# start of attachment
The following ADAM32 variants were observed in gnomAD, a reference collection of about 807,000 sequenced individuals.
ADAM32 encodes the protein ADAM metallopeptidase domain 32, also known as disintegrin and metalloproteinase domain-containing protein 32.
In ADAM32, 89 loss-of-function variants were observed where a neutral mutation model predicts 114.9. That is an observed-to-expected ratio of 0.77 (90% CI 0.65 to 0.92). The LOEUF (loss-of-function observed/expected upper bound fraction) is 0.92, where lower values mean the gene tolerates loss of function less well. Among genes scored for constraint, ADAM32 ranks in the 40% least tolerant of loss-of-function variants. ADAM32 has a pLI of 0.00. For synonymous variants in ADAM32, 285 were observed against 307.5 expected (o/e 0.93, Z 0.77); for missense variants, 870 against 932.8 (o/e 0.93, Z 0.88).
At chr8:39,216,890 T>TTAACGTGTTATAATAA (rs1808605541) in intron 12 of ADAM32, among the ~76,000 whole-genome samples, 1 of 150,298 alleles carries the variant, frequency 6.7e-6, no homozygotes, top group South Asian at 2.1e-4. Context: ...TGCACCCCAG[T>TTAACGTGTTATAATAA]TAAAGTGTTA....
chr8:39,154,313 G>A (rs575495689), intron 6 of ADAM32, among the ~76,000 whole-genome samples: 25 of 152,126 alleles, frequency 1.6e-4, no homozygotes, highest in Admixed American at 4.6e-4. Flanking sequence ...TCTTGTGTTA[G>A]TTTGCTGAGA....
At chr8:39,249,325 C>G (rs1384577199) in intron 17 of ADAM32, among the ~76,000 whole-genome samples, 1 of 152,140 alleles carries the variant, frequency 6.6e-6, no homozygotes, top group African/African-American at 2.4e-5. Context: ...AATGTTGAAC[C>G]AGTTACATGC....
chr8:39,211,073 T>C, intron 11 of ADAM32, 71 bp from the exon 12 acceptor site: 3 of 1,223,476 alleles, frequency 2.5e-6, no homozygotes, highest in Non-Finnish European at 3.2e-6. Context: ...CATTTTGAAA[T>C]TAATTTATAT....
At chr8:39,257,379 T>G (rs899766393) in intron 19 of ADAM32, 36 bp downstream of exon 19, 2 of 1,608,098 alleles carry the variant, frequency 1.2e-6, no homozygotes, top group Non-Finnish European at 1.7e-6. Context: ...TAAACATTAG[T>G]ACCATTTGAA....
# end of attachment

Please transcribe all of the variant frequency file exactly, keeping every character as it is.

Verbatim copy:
The following ADAM32 variants were observed in gnomAD, a reference collection of about 807,000 sequenced individuals.
ADAM32 encodes the protein ADAM metallopeptidase domain 32, also known as disintegrin and metalloproteinase domain-containing protein 32.
In ADAM32, 89 loss-of-function variants were observed where a neutral mutation model predicts 114.9. That is an observed-to-expected ratio of 0.77 (90% CI 0.65 to 0.92). The LOEUF (loss-of-function observed/expected upper bound fraction) is 0.92, where lower values mean the gene tolerates loss of function less well. Among genes scored for constraint, ADAM32 ranks in the 40% least tolerant of loss-of-function variants. ADAM32 has a pLI of 0.00. For synonymous variants in ADAM32, 285 were observed against 307.5 expected (o/e 0.93, Z 0.77); for missense variants, 870 against 932.8 (o/e 0.93, Z 0.88).
At chr8:39,216,890 T>TTAACGTGTTATAATAA (rs1808605541) in intron 12 of ADAM32, among the ~76,000 whole-genome samples, 1 of 150,298 alleles carries the variant, frequency 6.7e-6, no homozygotes, top group South Asian at 2.1e-4. Context: ...TGCACCCCAG[T>TTAACGTGTTATAATAA]TAAAGTGTTA....
chr8:39,154,313 G>A (rs575495689), intron 6 of ADAM32, among the ~76,000 whole-genome samples: 25 of 152,126 alleles, frequency 1.6e-4, no homozygotes, highest in Admixed American at 4.6e-4. Flanking sequence ...TCTTGTGTTA[G>A]TTTGCTGAGA....
At chr8:39,249,325 C>G (rs1384577199) in intron 17 of ADAM32, among the ~76,000 whole-genome samples, 1 of 152,140 alleles carries the variant, frequency 6.6e-6, no homozygotes, top group African/African-American at 2.4e-5. Context: ...AATGTTGAAC[C>G]AGTTACATGC....
chr8:39,211,073 T>C, intron 11 of ADAM32, 71 bp from the exon 12 acceptor site: 3 of 1,223,476 alleles, frequency 2.5e-6, no homozygotes, highest in Non-Finnish European at 3.2e-6. Context: ...CATTTTGAAA[T>C]TAATTTATAT....
At chr8:39,257,379 T>G (rs899766393) in intron 19 of ADAM32, 36 bp downstream of exon 19, 2 of 1,608,098 alleles carry the variant, frequency 1.2e-6, no homozygotes, top group Non-Finnish European at 1.7e-6. Context: ...TAAACATTAG[T>G]ACCATTTGAA....